“Zooey and I, when we started acting together, there was a real natural chemistry between us, and then we both really enjoyed doing scenes together. I think we’re both the same type of actor — we like to, you know, overly connect to the stuff we’re doing and try to find the quote-unquote ‘the real’ in it and get a little bit ridiculous with it,” he said. “I think when the writers and the audience saw that connection between the two, it started happening a lot faster.”
As the sitcom heads into its season finale Tuesday, Nick and Jess still aren’t a couple, but Johnson’s no longer in denial.
With the show already renewed for next season, the writers have been doing everything they can “to keep us apart … until [Jess and Nick] — inevitably, in my opinion — get together. And I don’t know if they get together and it works, or it doesn’t work. But I think at some point the writers are going to have to put these two characters together.”
Just don’t expect him to tell you what season that’ll happen in.
“I’ve never as an actor had as long a job as this one, so people will be joking, ‘What do you think? By Season 6?’ And I’m like, ‘I don’t know who I’ll be by Season 6,’ ” he said, laughing.
Maybe a farmer?
A recent episode in which Nick becomes obsessed with growing tomatoes on the roof of the building where Nick, Jess, Schmidt (Max Greenfield) and Winston (Lamorne Morris) live was “art imitating life,” Johnson said.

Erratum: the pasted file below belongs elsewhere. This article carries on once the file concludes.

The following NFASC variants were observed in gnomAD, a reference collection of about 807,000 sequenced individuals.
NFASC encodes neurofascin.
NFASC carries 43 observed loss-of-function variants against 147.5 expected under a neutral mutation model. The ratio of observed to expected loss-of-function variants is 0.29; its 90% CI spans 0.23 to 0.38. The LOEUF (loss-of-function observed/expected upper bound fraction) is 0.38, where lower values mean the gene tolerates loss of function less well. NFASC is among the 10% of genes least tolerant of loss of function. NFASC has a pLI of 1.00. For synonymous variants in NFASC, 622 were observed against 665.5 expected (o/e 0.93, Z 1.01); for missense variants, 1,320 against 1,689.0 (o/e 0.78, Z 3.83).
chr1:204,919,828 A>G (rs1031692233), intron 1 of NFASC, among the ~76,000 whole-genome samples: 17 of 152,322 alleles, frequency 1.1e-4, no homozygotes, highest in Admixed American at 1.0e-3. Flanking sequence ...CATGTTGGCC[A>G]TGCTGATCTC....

The tomato episode “started off because … in real life I started growing stuff. I put some corn, tomatoes and watermelon back there [in his yard] and I would talk to [show creator Liz] Meriwether about it. And I emailed her one night, I said, ‘I have an image of Nick in overalls — can we make that happen?’ And she wrote back, ‘It might be happening.’ She goes, ‘I have Nick becoming a tomato farmer.’”
After a season of watching directors come and go each episode — “it’s kind of the best film school in the world” — the guy who plays Nick could see himself eventually directing TV. But he no longer wants to write it.
“Writing for TV just seems like such a drag, because you have to get notes from so many different people. And then if a joke doesn’t work, everybody goes, ‘Who wrote this s---?’ But if a joke works, everybody goes, ‘Wow, that actor’s hilarious.’”
Contact Ellen Gray at 215-854-5950 or email@example.com follow on Twitter @elgray.Read her blog at EllenGray.tv.